August 30, 2008


Brazil back to taxing wheat imports at 10 percent


Brazil's Foreign Trade Committee, Camex, decided on late Thursday (August 28, 2008) that it will return to its policy of taxing wheat imports at 10 percent, a Camex press agent confirmed on Friday (August 30, 2008).


Only countries that constitute part of the Southern Cone Common Market, or Mercosur, can sell wheat to Brazil without paying any trade tariffs.


For months, North American wheat exporters have been able to ship wheat to Brazil duty free following a decision by Camex to temporarily remove the tariff. Camex removed that tariff because wheat imports from Argentina, Brazil's main supplier, had been stopped by the Argentine government. Argentina's wheat imports are picking up again, but are still below levels of previous years.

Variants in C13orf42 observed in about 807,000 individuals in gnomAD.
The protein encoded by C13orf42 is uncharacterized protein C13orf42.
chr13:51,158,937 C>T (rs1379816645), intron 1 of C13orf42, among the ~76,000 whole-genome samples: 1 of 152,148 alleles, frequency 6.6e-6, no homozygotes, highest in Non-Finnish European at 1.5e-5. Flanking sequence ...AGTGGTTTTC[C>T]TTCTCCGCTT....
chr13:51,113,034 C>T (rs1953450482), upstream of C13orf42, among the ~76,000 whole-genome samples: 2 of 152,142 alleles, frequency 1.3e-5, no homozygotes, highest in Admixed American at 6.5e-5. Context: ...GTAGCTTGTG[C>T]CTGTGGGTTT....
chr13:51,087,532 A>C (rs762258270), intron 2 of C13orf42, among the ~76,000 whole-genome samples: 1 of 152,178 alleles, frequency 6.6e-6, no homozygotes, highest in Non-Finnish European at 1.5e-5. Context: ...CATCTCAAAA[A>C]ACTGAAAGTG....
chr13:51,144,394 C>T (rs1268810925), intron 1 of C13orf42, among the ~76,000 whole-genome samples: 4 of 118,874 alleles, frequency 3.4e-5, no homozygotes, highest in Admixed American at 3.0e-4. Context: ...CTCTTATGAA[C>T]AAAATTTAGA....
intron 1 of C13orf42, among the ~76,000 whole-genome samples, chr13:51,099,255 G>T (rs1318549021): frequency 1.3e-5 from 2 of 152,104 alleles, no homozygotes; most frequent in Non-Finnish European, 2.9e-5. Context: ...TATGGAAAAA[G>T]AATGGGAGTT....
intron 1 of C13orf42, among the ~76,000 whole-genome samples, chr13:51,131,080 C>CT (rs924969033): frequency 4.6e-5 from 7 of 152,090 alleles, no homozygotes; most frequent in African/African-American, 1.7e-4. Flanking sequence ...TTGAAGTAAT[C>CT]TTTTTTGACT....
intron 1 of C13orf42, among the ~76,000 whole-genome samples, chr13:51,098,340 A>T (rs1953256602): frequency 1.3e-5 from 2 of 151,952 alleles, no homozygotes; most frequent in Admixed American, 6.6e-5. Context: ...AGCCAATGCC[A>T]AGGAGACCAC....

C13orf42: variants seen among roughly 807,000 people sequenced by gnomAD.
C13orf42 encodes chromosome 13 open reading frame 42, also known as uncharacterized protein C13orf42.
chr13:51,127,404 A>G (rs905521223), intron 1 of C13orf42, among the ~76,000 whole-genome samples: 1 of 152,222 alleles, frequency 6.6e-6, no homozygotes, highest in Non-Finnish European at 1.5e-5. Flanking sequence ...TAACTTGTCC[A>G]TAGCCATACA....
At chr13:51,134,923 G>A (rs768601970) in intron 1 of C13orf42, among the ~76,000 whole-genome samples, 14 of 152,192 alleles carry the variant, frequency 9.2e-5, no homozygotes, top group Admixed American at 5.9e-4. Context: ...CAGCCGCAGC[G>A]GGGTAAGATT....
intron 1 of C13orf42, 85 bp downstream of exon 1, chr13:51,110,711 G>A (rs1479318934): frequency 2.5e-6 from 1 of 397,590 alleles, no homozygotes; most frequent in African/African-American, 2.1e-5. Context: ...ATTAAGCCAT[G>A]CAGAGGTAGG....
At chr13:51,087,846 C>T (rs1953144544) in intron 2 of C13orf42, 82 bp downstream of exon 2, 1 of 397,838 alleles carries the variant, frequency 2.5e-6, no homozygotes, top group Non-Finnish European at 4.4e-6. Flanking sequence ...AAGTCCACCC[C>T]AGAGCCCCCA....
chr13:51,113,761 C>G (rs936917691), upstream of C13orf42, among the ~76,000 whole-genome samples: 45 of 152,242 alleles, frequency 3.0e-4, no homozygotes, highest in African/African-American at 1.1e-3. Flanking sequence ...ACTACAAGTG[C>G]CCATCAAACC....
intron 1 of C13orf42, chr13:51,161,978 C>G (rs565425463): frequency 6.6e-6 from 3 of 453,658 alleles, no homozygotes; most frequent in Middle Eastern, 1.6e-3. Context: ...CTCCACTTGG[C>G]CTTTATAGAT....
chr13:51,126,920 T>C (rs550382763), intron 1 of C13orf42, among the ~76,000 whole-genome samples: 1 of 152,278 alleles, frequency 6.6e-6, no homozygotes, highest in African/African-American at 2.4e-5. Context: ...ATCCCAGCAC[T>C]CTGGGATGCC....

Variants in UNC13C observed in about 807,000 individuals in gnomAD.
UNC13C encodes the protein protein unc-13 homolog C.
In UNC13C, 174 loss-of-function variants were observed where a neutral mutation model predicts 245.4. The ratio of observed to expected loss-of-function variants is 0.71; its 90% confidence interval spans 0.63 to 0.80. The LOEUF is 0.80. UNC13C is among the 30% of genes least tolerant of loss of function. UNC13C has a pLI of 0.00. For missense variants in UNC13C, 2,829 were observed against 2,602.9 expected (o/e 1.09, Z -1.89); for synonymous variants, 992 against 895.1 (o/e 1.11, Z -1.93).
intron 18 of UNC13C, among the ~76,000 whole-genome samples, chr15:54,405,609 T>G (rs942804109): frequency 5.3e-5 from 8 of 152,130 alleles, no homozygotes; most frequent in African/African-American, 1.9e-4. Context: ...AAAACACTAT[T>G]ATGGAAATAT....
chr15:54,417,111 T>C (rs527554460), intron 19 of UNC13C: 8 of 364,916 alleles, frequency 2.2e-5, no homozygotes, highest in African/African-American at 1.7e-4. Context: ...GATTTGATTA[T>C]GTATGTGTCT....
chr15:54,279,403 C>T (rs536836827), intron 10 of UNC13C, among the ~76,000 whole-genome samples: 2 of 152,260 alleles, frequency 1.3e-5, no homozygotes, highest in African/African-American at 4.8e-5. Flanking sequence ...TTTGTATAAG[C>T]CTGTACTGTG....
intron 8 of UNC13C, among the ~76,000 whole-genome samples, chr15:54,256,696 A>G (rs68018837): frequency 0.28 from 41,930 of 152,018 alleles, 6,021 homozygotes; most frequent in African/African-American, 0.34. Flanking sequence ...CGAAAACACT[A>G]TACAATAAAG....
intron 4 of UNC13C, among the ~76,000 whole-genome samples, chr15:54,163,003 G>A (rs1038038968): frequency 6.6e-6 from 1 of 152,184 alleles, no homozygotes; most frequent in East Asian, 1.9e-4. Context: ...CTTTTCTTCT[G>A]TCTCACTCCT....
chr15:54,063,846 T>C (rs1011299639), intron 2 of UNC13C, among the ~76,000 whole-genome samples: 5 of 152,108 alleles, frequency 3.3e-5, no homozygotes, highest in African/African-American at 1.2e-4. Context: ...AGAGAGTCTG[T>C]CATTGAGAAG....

Brazil is expected to harvest a bumper wheat crop this year, upwards of five million tonnes, and that pressure likely led Camex to return to the 10 percent tariff for wheat traders outside of Mercosur. Wheat producers were against the tariff change to 0 percent from the beginning. Wheat milling companies, however, were successful in their pleas with the government to allow for the temporary tariff exemptions, which made importing wheat from North America more affordable.


Brazil consumes around 11 million tonnes of wheat per year and relies heavily on Argentina for supply.

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